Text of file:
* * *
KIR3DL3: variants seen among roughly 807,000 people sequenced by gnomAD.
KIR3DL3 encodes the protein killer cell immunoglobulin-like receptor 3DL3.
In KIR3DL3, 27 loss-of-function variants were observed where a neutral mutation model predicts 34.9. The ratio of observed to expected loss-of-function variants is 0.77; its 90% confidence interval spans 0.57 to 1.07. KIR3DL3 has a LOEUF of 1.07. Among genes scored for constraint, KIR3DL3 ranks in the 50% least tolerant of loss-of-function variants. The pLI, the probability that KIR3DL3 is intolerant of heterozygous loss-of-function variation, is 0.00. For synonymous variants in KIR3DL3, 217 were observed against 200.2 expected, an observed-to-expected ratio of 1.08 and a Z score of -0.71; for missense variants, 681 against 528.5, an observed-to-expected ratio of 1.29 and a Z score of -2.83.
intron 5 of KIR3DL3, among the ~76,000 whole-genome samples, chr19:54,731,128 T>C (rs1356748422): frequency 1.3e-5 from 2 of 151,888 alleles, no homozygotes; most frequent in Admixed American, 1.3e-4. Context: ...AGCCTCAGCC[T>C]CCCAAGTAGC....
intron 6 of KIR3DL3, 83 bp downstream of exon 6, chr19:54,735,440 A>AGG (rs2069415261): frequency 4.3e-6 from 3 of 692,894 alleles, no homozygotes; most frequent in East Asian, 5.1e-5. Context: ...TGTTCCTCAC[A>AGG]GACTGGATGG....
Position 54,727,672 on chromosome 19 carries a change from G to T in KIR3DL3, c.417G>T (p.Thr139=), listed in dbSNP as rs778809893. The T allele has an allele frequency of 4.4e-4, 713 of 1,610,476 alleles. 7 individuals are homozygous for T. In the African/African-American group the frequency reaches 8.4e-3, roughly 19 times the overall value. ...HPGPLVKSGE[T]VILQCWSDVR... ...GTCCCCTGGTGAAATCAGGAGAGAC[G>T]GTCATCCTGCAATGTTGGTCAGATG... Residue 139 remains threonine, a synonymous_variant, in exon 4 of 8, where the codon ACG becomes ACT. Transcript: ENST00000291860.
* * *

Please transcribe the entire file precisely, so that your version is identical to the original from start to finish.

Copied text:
KIR3DL3: variants seen among roughly 807,000 people sequenced by gnomAD.
KIR3DL3 encodes the protein killer cell immunoglobulin-like receptor 3DL3.
In KIR3DL3, 27 loss-of-function variants were observed where a neutral mutation model predicts 34.9. The ratio of observed to expected loss-of-function variants is 0.77; its 90% confidence interval spans 0.57 to 1.07. KIR3DL3 has a LOEUF of 1.07. Among genes scored for constraint, KIR3DL3 ranks in the 50% least tolerant of loss-of-function variants. The pLI, the probability that KIR3DL3 is intolerant of heterozygous loss-of-function variation, is 0.00. For synonymous variants in KIR3DL3, 217 were observed against 200.2 expected, an observed-to-expected ratio of 1.08 and a Z score of -0.71; for missense variants, 681 against 528.5, an observed-to-expected ratio of 1.29 and a Z score of -2.83.
intron 5 of KIR3DL3, among the ~76,000 whole-genome samples, chr19:54,731,128 T>C (rs1356748422): frequency 1.3e-5 from 2 of 151,888 alleles, no homozygotes; most frequent in Admixed American, 1.3e-4. Context: ...AGCCTCAGCC[T>C]CCCAAGTAGC....
intron 6 of KIR3DL3, 83 bp downstream of exon 6, chr19:54,735,440 A>AGG (rs2069415261): frequency 4.3e-6 from 3 of 692,894 alleles, no homozygotes; most frequent in East Asian, 5.1e-5. Context: ...TGTTCCTCAC[A>AGG]GACTGGATGG....
Position 54,727,672 on chromosome 19 carries a change from G to T in KIR3DL3, c.417G>T (p.Thr139=), listed in dbSNP as rs778809893. The T allele has an allele frequency of 4.4e-4, 713 of 1,610,476 alleles. 7 individuals are homozygous for T. In the African/African-American group the frequency reaches 8.4e-3, roughly 19 times the overall value. ...HPGPLVKSGE[T]VILQCWSDVR... ...GTCCCCTGGTGAAATCAGGAGAGAC[G>T]GTCATCCTGCAATGTTGGTCAGATG... Residue 139 remains threonine, a synonymous_variant, in exon 4 of 8, where the codon ACG becomes ACT. Transcript: ENST00000291860.